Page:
Finally, the last column shows you the company's latest annual return on assets (ROA), which is a measure of the company's overall profitability.
As you can see, while most of these are trading at reasonable prices... none of them is cheap.
So even though I want to own most of these businesses... I wouldn't recommend buying any of them today. I'd recommend you simply become familiar with the basics of those companies above and others like them. Read their annual reports. Follow their progress. Keep an eye on their share prices. Decide on the price you are willing to pay. Again, you're trying to get these companies at prices around (or below) 10 times current cash earnings.
When the panic arrives, you will be prepared to buy.
Of course, it's one thing to say "buy good companies when they're down." But it is quite another thing to actually do it. It's much, much harder than it looks. You have to overcome big emotional obstacles to buy when everyone else says, "sell."
You've got to be certain the company is sound and is going to be around for a long time. You need to be sure the company you're buying will maintain its capital efficiency. And you, the investor, must have the financial ability to hold it for a long time.
Ideally, you'd augment your savings with a handful of these kinds of great investments. It doesn't take many. I'd recommend investing around 25%-50% of your liquid assets into a program of disciplined, high-quality investing.
If you buy these stocks at the right price and reinvest the dividends, you'll see the size of your holdings grow substantially over the long term.
Yesterday, Porter introduced readers to capital efficiency, one of the most important factors of investing. In times of crisis, capital-efficient businesses "will provide an excellent hedge against inflation – even better than gold." Learn more here: The Best and Most Surefire Way of Building Wealth in Troubled Times.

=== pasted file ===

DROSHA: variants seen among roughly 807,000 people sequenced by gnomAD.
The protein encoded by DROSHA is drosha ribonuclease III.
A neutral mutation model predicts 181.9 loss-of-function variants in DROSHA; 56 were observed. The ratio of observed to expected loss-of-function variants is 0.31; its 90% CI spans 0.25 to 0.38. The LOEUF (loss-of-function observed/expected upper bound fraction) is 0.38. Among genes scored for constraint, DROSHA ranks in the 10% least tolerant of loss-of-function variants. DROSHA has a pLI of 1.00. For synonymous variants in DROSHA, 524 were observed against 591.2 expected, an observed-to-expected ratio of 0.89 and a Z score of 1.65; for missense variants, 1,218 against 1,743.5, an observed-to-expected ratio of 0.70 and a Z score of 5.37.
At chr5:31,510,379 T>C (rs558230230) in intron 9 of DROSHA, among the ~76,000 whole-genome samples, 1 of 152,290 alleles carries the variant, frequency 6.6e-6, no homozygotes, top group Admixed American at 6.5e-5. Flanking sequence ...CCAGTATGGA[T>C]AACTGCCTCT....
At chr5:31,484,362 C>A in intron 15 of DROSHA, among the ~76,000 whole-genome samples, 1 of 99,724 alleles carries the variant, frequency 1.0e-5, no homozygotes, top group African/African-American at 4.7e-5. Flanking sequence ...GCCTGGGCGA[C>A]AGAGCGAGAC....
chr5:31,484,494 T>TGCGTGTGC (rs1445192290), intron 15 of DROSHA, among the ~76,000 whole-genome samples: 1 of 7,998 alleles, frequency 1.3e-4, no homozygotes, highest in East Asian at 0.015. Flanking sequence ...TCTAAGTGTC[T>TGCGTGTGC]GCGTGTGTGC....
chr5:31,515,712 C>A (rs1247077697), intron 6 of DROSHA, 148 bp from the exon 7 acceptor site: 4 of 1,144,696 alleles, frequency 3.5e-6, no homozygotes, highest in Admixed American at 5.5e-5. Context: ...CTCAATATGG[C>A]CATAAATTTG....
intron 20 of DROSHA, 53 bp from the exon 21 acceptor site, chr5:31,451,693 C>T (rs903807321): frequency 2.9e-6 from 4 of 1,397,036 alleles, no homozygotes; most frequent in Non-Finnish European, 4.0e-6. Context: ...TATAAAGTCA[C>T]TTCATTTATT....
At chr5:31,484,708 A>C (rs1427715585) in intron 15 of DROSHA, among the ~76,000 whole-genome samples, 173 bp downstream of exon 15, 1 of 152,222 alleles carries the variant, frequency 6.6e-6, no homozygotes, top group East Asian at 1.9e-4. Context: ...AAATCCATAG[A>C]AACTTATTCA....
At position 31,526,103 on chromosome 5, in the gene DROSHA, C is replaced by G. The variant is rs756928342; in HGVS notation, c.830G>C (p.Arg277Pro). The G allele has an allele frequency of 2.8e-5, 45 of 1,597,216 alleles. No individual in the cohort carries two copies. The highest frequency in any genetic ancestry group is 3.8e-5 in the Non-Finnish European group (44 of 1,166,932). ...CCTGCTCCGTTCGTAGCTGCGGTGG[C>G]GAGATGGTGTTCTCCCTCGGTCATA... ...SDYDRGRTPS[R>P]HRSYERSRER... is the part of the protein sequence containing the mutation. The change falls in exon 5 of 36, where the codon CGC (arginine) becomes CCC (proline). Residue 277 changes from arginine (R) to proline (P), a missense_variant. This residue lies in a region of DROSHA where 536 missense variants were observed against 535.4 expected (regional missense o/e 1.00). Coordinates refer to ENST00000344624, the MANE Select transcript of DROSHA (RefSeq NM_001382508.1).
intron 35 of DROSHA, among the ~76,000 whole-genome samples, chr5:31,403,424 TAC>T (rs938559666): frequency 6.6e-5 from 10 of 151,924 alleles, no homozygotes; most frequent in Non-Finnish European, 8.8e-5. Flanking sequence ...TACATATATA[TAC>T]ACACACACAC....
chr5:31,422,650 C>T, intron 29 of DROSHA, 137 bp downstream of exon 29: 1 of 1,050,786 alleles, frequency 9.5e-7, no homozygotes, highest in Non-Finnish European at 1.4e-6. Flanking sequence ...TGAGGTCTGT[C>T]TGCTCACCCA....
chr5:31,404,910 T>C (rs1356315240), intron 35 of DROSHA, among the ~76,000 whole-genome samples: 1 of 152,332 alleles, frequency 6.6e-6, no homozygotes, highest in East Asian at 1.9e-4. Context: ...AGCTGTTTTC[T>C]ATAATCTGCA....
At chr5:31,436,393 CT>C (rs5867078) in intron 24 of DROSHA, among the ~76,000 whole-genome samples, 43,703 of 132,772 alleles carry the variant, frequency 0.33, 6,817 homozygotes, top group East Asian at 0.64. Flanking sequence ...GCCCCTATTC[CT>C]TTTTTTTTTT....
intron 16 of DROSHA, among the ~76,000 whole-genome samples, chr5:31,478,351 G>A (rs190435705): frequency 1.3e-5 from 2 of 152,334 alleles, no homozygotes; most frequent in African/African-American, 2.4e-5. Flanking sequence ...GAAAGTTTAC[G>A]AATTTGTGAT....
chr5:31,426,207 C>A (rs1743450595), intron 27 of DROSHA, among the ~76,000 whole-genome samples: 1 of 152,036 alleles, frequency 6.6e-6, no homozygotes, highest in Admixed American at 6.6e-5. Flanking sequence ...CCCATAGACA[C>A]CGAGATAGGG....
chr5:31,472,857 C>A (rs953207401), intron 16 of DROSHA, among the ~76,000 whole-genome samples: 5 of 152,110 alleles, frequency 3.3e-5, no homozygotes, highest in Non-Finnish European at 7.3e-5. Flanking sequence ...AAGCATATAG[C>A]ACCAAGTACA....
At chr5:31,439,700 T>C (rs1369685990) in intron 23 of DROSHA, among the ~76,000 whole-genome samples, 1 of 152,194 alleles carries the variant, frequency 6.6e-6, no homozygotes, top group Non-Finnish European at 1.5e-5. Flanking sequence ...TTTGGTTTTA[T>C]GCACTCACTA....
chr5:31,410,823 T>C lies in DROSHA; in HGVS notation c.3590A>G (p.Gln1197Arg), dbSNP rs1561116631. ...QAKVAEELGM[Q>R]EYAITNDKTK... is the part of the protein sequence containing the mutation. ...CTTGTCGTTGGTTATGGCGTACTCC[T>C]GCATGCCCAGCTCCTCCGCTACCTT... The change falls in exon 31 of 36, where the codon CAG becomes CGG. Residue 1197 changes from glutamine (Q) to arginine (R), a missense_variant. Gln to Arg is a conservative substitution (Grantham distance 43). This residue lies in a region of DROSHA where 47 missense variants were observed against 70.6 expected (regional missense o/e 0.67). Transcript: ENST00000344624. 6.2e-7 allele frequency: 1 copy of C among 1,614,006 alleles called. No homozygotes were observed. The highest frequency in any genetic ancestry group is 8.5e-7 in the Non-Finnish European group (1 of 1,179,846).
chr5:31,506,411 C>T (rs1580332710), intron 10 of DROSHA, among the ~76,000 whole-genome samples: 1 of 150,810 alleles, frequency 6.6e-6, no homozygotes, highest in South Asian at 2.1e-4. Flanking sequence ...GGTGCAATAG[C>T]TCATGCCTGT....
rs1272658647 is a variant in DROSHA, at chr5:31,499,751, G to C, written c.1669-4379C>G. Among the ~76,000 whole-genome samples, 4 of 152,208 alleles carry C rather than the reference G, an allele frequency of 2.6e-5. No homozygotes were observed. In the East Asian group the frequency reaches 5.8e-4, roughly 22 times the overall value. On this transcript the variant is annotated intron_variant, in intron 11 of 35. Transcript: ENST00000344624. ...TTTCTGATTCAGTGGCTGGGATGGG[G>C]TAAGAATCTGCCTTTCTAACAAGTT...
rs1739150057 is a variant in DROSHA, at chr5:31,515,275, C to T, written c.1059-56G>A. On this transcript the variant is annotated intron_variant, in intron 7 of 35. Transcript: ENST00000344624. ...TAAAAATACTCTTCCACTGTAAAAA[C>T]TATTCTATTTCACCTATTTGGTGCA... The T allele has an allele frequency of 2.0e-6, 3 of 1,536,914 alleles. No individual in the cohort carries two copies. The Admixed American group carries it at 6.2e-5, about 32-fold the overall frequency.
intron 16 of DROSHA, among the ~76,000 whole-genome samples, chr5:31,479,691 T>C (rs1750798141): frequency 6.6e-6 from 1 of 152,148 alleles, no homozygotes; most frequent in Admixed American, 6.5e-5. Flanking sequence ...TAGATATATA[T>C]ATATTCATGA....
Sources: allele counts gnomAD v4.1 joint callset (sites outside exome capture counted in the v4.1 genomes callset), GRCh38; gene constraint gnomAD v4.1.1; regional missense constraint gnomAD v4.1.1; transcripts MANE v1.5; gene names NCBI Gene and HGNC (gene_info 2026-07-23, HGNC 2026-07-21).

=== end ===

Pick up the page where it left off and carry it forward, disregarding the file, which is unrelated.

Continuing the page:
"Their balance sheets are financial fortresses. Their businesses are incredibly difficult to compete with," Dan Ferris writes. "They earn consistent profit margins, a sign of their superior ability to compete." They're World Dominators. And they're the highest-quality companies in existence. Read more here: This Investment Is Safer – and Pays More Income – Than Gold.
A GOOD SPOT TO SHORT THE EURO AGAIN
After a brief "confound the crowd" rally, the euro is rolling over.
Regular readers know one of our top trading ideas for 2011 is to short the pan-European currency, the euro. While Greece gets all the "debt disaster" headlines these days, it's only a matter of time before the indebted, brittle economies of Spain and Italy pull the continent into a bigger crisis... and take the euro much lower.
Back in late August, we highlighted the euro's "compressed" state. This is a situation where an asset's day-to-day volatility gradually dries up and the highs and lows move closer together. These low-volatility periods are often the calm before a storm. We expected to watch the euro's compression resolve itself to the downside.
As you can see, the downside break arrived as expected. The euro plummeted from 1.45 to 1.32 (a giant move for a major currency). The end of this move drew in a lot of "fast money" traders looking to bet on a euro decline. And since the market loves to confound the crowd, it retraced a good portion of this rally. But that rally has halted at the 1.39 level. Equilibrium has temporarily been restored, and the euro is ready to head lower again.
In The Daily Crux